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Cancer Control Research

5R03CA121750-02
Small, Brent J.
APOLIPOPROTEIN E GENOTYPE AND COGNITIVE PERFORMANCE IN BREAST CANCER SURVIVORS

Abstract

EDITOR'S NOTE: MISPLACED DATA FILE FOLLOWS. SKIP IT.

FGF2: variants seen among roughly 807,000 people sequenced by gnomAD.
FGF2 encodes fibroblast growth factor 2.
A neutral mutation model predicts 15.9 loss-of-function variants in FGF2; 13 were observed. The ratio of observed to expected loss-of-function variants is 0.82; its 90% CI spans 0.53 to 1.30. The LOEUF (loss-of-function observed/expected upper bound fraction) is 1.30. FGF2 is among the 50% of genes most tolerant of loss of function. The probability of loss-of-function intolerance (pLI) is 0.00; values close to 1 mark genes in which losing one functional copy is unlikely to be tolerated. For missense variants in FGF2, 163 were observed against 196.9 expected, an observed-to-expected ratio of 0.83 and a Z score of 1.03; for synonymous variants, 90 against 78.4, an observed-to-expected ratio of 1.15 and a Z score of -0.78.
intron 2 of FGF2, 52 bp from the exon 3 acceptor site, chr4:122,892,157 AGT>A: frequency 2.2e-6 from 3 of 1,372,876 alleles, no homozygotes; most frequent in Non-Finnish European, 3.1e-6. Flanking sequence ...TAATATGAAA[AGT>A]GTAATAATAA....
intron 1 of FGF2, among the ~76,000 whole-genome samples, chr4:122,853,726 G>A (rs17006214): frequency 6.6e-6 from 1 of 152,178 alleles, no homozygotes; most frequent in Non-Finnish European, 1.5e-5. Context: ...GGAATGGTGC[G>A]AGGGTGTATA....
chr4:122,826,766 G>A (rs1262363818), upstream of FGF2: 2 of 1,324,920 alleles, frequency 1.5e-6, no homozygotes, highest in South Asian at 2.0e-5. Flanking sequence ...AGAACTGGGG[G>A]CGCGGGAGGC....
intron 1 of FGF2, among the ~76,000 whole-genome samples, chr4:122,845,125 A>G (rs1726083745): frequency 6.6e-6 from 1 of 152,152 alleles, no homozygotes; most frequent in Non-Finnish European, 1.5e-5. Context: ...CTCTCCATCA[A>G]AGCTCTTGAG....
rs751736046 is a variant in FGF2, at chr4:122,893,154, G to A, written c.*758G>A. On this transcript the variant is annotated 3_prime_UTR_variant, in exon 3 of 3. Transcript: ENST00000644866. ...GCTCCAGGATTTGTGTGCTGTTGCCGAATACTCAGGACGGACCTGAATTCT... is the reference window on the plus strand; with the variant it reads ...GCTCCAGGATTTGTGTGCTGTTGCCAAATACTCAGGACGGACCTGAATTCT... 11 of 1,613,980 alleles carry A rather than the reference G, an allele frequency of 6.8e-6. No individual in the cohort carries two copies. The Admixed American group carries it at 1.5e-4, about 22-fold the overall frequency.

DESCRIPTION (provided by applicant): In recent years there has been considerable interest in the e4 allele of Apolipoprotein E (APOE), a genetic risk factor for Alzheimer's disease, as a risk factor for cognitive impairment in healthy aging. Recently, there has been growing recognition that women diagnosed with early stage breast cancer may experience cognitive problems as a consequence of adjuvant chemotherapy. In addition, research suggests that the presence of the e4 allele of APOE may also convey a disadvantage to the cognitive performance of breast cancer survivors. In the current proposal we examine cross-sectional differences and longitudinal changes in the cognitive functioning of a sample of breast cancer survivors and healthy controls as a function of APOE- e4 genotype. Specifically, we will assess APOE genotype of a group of breast cancer survivors who have been examined for over 3 years since the inception of treatment, as well as a matched sample of healthy controls who have been examined at a single measurement point. The specific aims are: 1) To compare cross-sectional differences in the cognitive performance of breast cancer survivors and healthy controls as a function of APOE-e4 genotype; 2) To examine longitudinal changes in cognitive performance among breast cancer survivors as a function of APOE-e4 genotype; and 3) To examine the role of cancer treatment-related and cardiovascular disease factors in the presence and severity of APOE-e4-related changes in cognitive performance among breast cancer survivors. Cognitive performance is indexed with multiple tests of episodic memory, attention, complex cognition, motor speed, and language. We predict that relative to healthy controls, the cognitive performance of breast cancer survivors will be poorer and breast cancer survivors who are APOE-e4 positive will perform most poorly. In terms of longitudinal changes, we predict that breast cancer survivors who are APOE-e4 positive will exhibit greater declines longitudinally, relative to non-e4 carriers. The results of the current proposal are relevant to attempts to describe factors that may predispose cancer survivors to negative cognitive outcomes after treatment. Identifying factors that may increase a person's risk of cognitive impairment following treatment for cancer is a great concern to public health. In the current proposal, we examine the potential of APOE-e4 genotype, known risk factor for Alzheimer's disease, to predispose breast cancer survivors for poor cognitive outcomes.


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